• As Secretary, you were the architect for the Russian reset to improve U.S.-Russian relations. Yet by any measurement, our relations with Russia are at their worst since the Cold War, with part of the Crimea gone and troops in Syria. Given the apparent failure of this policy, does this bring into question your judgment on foreign policy?


History Truth

Why The Revolutionary Act? To Tell the Truth

Do you sometimes feel like we live in an upside down world, where right is wrong, good is bad, bad is good and truth is this illusory shadow we can longer grab hold of?

You’re not alone. Truth today is avoided like the black plague. That brings grave consequences and most Americans innately sense this. It why a paltry 29% of Americans think we are headed in the right direction.

As J.R.R. Tolkien’s character, Galadriel, said in the prologue to Lord of the Rings: “Some things that should not have been forgotten were lost. History became legend. Legend became myth.” Tolkien was one of many who saw the cost of deceit in the real world, and fictionalized it.

Without truth, our lives are a meaningless series of lungings from deception to deception. But truth is driven underground as an array of cultural forces combine to suppress it and promote deception.

It’s just the way it is.

But it’s not the way it must be.

As George Orwell said: “In a time of universal deceit, telling the truth is a revolutionary act.”

It should not be revolutionary to speak the truth. But today it is.

As we are not alone today in realizing the enormity of disinformation being sown and fertilized throughout our culture, so we are not alone historically.

Throughout history, there have been voices calling in the wilderness, pushing back against the rushing tide of falsehoods. From Pythagoras to John the Baptist to Augustine to Martin Luther to Thomas Jefferson to Dietrich Bonhoeffer to Aleksandr Solzhenitsyn to George Orwell to Martin Luther King, millions have pushed back peacefully, intellectually and invariably with words of truth against the prevailing myths and deceptions of their times.

Today, falsehood is easily spread through mass media in all of its technological iterations. These fictions are more easily disseminated and absorbed as truths than ever before. They can be countered with truths through the same mass mediums.

But as Orwell said, we need to start the revolutionary act of standing up and speaking out truth. It can cost, as any revolutionary act does. But the cost of not doing so is far greater, for us and for our offspring.


The truths are known. They have not been totally forgotten as Galadriel recorded. This means we also live in times that call for telling the truth — foundational, well-defended, grounded truth that has been a part of America’s greatness, and is remembered still.

These truths are not always red, white and blue, but they are always firmly established.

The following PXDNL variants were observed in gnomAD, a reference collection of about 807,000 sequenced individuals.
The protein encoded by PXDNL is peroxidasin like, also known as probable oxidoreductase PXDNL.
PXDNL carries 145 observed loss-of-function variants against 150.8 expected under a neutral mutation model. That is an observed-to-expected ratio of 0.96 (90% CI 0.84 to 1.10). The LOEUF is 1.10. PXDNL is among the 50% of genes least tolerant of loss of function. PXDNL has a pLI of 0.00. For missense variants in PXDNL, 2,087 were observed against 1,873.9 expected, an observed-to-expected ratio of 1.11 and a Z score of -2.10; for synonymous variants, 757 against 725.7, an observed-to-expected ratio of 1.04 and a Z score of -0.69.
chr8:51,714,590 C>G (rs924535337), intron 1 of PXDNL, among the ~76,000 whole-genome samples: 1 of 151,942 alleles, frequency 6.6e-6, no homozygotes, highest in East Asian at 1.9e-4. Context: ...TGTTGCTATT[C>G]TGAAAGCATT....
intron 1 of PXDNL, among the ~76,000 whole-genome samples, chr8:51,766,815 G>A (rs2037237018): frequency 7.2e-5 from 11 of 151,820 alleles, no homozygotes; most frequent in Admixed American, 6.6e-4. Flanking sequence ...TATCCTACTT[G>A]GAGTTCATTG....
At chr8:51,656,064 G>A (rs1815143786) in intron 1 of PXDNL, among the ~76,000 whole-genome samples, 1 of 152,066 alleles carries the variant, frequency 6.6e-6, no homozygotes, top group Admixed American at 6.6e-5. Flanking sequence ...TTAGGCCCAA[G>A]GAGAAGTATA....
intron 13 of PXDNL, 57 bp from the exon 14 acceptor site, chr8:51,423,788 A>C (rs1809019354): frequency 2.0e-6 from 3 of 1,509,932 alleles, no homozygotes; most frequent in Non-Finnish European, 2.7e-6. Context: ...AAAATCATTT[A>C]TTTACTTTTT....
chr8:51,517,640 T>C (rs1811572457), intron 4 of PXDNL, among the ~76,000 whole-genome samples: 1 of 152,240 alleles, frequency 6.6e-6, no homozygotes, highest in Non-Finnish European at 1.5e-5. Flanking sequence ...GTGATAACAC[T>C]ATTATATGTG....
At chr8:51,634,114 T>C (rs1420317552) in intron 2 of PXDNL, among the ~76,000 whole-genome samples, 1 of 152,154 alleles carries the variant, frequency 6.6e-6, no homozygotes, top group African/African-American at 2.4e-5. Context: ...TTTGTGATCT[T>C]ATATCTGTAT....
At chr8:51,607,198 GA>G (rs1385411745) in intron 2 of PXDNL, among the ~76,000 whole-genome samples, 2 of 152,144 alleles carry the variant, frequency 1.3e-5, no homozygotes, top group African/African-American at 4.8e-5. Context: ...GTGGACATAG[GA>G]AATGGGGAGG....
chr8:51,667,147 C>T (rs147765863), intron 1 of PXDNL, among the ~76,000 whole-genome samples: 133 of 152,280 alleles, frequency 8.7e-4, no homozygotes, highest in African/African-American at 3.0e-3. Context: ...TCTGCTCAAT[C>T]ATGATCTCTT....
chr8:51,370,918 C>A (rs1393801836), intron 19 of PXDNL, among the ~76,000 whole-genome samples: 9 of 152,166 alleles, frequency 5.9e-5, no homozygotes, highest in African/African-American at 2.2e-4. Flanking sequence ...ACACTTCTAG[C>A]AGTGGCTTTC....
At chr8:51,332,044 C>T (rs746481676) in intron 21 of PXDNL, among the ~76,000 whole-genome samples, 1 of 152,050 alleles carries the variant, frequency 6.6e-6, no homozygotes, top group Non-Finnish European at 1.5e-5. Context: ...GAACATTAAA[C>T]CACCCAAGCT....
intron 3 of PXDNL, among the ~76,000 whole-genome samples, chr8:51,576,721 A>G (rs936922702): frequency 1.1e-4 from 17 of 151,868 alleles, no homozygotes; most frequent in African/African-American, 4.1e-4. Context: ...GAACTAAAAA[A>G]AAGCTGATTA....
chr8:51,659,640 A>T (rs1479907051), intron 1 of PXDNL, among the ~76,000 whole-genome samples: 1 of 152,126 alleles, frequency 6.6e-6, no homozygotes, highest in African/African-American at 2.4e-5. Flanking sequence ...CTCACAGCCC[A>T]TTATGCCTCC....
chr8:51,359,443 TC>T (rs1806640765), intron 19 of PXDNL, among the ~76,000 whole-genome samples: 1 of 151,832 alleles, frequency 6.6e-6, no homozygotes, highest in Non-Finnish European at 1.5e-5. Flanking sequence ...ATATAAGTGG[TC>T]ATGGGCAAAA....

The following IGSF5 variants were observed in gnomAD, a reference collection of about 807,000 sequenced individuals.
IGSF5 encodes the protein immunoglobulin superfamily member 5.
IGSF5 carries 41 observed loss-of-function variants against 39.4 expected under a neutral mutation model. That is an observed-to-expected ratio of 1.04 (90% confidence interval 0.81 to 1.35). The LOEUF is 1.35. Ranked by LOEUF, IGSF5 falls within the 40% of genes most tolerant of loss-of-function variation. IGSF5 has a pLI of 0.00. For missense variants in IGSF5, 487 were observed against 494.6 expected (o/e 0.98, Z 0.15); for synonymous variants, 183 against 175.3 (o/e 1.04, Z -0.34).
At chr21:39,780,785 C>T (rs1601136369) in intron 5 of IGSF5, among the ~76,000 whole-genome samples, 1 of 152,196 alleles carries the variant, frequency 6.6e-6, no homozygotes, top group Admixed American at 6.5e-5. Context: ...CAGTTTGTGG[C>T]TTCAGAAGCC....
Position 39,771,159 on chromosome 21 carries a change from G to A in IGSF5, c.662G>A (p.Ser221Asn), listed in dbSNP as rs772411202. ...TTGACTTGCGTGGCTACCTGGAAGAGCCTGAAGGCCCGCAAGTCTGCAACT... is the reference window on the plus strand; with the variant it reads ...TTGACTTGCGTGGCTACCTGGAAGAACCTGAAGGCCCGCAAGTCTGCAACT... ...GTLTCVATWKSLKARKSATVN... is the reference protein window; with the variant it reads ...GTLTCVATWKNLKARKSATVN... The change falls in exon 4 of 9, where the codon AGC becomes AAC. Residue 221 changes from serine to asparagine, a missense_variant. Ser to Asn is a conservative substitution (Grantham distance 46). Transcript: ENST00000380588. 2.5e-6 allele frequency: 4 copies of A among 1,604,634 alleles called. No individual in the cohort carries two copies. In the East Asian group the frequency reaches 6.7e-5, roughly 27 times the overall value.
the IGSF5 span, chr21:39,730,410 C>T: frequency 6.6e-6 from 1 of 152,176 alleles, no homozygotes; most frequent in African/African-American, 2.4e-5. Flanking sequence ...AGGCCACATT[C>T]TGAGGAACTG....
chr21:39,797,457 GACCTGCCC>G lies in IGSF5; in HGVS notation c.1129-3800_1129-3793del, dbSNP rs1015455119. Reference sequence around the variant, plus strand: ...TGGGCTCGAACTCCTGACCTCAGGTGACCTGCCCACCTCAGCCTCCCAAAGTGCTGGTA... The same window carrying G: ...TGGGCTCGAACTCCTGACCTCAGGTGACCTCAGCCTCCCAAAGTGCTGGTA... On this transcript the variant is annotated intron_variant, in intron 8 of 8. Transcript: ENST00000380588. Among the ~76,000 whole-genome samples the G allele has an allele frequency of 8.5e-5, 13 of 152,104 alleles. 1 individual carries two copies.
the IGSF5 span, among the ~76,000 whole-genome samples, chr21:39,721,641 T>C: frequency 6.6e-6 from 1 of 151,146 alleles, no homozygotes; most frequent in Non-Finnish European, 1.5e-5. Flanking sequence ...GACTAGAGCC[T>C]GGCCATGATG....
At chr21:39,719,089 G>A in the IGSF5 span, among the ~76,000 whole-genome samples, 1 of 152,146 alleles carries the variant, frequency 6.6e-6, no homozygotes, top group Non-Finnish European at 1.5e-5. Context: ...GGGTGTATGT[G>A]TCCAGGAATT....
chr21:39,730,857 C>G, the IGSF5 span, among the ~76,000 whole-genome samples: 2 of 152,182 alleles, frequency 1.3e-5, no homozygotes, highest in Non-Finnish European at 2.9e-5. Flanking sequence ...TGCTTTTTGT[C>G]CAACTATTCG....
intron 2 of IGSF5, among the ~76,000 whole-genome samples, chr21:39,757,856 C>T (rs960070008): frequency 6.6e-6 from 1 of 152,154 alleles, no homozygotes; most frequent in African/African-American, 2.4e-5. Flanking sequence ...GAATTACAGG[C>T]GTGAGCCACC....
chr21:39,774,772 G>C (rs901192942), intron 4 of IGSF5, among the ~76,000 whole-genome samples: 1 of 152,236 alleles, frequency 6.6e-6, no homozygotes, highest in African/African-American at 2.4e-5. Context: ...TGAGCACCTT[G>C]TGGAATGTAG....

We’re glad you are joining us here to help push back against the sea of falsities and fabrication.

For more background on The Revolutionary Act, go here.


Making Sense of #NeverTrump vs #NeverHillary

There is a principled conservative opposition to Donald Trump that has nothing to do with being sore losers or finding Hillary Clinton acceptable.

First, there is no denying that this is a binary race. Not voting for one candidate in the party you would normally support is giving aid to the candidate from the other party. Bernie Sanders’ supporters have coalesced around Hillary Clinton, so why can’t the supporters of Ted Cruz and Marco Rubio and others get behind Trump? Well some have.

That is where #neverhillary comes from. They may not like or trust Trump. He may have been their 18th choice out of the 17 GOP candidates. But they know exactly what the country is getting with scandal-ridden Clinton and so they will vote Trump as the lesser of two poor choices.

But some conservatives simply cannot have their hands on a Trump presidency. This is not an invalid position. Here’s why.

The reasonable argument by Trump supporters and conservatives who will vote for him is that not voting for him — voting for someone else or no one — is essentially a vote for Hillary Clinton. So when #nevertrumpers choose not to vote for him, #protrumpers make the case that they are casting a non-vote in favor of Hillary Clinton. Therefore, they argue, they are in part responsible for a Hillary presidency. That is a compelling case.

However, just as compelling is that by voting for a candidate, there is the sense in which your fingerprints are directly on their presidency. You have more direct responsibility for their actions than does someone you did not vote for. Also compelling.

Think of it this way for the #nevertrumpers. Your choices are Hitler and Stalin. (Neither of these are Hitler or Stalin, so let’s not lose focus.) Stalin is your party, Hitler the other party. You’d never vote for Hitler. But how can you vote for Stalin? How can you have your fingerprints on the deaths of millions. But if you don’t, and Hitler wins, then are you partially culpable for his deeds? This is what #nevertrump conservatives face. They don’t find Clinton acceptable at all. They aren’t sore losers. They just cannot make themselves vote for Trump.

This has resulted in an open civil war in the GOP — one that will not end after the November election. There was the obvious split during the primary, when people supported different candidates. But many Trump supporters figured the party would unite behind him after the nomination.

But it has not, at least nothing like happened in the Democrat Party. #NeverTrumpers include conservatives such as Mark Levin, Bill Kristol, Ben Shapiro and Jonah Goldberg and libertarians such as Glenn Beck, along with several members of Congress and the Senate. They are attacked mercilessly by conservative Trump supporters such as Sean Hannity, Laura Ingraham, Ann Coulter, Newt Gingrich and others for torpedoing Trump’s candidacy and potentially aiding in the election of Clinton. And they may be right; it could be the practical result. But it stems from a principled stance. They don’t find Clinton acceptable. They just cannot be directly responsible for Trump.

This is not a small rift. This could change the GOP in completely unpredictable ways.